I think to say that the Goddess movement relies on scholars whose research has now been thoroughly called into question is a bit of an understatement. For a quick and dirty summary of some questionable research that is still being taken as fact (not just by Goddess worshipers, mind you), I recommend the site “Wicca for the Rest of Us”.
For a good example of this sort of research in action, here is a quote from Barbara G. Walker’s The Essential Handbook of Women’s Spirituality and Ritual (previously published as Women’s Rituals: A Sourcebook):
Two or three thousand years ago, women’s rituals were conducted in splendid temples dedicated to their Goddess. Women’s holy dances were performed on marble floors among beautiful carved pillars, illuminated by jeweled lamps, before magnificent statues of the original Queen of Heaven, crowned with stars, enthroned on the moon, holding forth her gifts of fruit and flower, animal and child. She was invincible, subject to no god. On the contrary, all gods owed filial devotion to her and swore by her name. Priestesses governed her worship, settled legal and moral problems by her authority, taught and counseled and administered her religion throughout the ancient world.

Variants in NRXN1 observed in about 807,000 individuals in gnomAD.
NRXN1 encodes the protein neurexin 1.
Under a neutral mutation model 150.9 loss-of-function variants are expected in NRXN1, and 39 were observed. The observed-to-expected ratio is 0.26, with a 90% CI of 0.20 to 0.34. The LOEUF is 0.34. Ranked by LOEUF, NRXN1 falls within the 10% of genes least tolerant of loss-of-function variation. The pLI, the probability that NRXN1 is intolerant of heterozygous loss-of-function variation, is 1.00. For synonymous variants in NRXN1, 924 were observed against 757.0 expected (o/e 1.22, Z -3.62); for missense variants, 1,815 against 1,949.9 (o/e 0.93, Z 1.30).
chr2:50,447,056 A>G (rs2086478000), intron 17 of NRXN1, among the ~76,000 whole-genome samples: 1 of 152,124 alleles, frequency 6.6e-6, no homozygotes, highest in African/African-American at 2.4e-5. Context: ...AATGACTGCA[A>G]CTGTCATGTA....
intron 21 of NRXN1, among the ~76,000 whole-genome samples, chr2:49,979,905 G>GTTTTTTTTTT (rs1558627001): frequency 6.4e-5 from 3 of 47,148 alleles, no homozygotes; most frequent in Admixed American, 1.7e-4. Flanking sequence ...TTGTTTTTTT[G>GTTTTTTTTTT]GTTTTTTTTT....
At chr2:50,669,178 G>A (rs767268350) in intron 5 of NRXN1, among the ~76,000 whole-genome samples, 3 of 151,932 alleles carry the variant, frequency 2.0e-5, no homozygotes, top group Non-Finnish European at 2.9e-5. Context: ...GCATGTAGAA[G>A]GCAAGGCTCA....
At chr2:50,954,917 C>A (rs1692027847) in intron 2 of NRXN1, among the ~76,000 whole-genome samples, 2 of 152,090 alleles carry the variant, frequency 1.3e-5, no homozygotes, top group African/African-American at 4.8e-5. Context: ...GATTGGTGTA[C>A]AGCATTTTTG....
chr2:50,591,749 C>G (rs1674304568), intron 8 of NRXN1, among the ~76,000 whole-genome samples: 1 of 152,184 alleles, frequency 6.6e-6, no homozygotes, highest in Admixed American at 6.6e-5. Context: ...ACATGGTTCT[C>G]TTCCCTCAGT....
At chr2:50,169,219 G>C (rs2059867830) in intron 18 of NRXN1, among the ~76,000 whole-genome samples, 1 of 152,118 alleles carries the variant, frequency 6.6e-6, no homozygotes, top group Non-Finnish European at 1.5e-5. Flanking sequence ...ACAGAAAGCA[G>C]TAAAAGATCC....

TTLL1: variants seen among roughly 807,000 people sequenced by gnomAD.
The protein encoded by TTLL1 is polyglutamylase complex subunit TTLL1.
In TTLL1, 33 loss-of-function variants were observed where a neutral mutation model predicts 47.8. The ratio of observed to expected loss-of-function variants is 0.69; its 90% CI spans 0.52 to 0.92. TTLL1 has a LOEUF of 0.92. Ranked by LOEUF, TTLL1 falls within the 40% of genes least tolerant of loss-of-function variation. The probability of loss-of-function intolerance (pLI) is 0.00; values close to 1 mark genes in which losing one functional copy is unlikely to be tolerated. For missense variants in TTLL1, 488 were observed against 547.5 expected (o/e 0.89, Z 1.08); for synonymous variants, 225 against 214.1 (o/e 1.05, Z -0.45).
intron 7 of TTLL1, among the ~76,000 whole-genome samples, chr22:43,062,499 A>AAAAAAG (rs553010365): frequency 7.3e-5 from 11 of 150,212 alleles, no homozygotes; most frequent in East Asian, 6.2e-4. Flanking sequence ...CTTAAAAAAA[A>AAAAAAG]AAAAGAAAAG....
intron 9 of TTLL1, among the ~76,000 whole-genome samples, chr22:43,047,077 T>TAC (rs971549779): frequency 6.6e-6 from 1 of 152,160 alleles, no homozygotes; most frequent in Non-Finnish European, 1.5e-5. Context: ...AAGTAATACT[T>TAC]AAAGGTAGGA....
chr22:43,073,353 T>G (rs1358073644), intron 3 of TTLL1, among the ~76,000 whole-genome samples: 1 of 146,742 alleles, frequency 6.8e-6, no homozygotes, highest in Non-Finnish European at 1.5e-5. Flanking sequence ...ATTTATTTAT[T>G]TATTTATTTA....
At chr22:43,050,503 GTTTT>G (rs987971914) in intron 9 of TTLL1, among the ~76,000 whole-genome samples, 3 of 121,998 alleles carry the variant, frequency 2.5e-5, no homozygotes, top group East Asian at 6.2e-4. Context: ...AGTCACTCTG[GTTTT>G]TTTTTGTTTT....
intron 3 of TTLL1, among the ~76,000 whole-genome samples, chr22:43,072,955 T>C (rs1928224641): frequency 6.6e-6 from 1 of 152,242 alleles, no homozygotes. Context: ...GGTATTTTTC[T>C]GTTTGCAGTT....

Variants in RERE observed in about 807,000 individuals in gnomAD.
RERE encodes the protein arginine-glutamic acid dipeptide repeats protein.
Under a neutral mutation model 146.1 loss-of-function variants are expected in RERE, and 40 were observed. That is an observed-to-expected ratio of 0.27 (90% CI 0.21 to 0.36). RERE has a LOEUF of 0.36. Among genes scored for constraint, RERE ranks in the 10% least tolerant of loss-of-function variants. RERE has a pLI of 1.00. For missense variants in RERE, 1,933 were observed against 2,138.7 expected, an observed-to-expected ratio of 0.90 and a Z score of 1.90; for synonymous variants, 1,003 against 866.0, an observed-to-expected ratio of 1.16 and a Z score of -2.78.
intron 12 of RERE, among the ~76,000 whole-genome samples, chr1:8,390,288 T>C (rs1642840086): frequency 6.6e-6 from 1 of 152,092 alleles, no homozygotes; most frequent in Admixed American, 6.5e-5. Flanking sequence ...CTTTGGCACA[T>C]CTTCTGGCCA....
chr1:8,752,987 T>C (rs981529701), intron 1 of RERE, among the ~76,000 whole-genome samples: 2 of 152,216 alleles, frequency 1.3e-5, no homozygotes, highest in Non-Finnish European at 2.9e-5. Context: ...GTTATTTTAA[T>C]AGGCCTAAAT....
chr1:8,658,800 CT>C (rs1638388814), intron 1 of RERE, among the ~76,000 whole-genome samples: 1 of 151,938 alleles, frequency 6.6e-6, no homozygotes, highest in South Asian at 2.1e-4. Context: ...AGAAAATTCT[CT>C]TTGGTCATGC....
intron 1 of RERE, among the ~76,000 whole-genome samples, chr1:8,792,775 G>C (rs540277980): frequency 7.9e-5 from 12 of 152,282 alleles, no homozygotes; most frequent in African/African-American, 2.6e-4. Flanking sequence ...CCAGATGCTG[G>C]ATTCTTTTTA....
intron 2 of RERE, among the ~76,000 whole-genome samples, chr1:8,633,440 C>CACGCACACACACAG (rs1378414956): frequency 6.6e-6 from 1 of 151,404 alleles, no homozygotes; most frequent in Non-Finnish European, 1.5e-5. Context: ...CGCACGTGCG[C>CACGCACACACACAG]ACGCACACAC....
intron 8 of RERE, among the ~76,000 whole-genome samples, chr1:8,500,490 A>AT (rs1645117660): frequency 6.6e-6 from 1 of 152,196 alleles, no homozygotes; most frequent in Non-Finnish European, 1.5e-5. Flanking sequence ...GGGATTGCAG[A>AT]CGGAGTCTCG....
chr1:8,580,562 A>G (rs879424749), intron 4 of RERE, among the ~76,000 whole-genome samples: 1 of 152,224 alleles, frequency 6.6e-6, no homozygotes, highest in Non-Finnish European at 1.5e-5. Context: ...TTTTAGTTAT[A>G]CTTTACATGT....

Most of that was destroyed in several centuries of relentless attack by the early Christians, who were adamantly opposed to every manifestation of the Goddess, and determined to set up a wholly male-identified religion. Christians tore down her temples, passed laws to make her worship illegal, persecuted and killed her priestesses, burned the books from her sacred libraries, melted down her gold and silver lamps, stole the jeweled eyes and adornments from her images and battered the remains to powder. (p 28)
This is from Z. Budapest’s Holy Book of Women’s Mysteries:
“The Runic language is all that is left of the ancient Wiccan language that existed in the time of the matriarchies…” (2007 edition, p. 214)
I’m going to give my Northern-based Pagan readers time to stop laughing.
I could go on about bad scholarship (this calls for another post) but for now, I really should move on.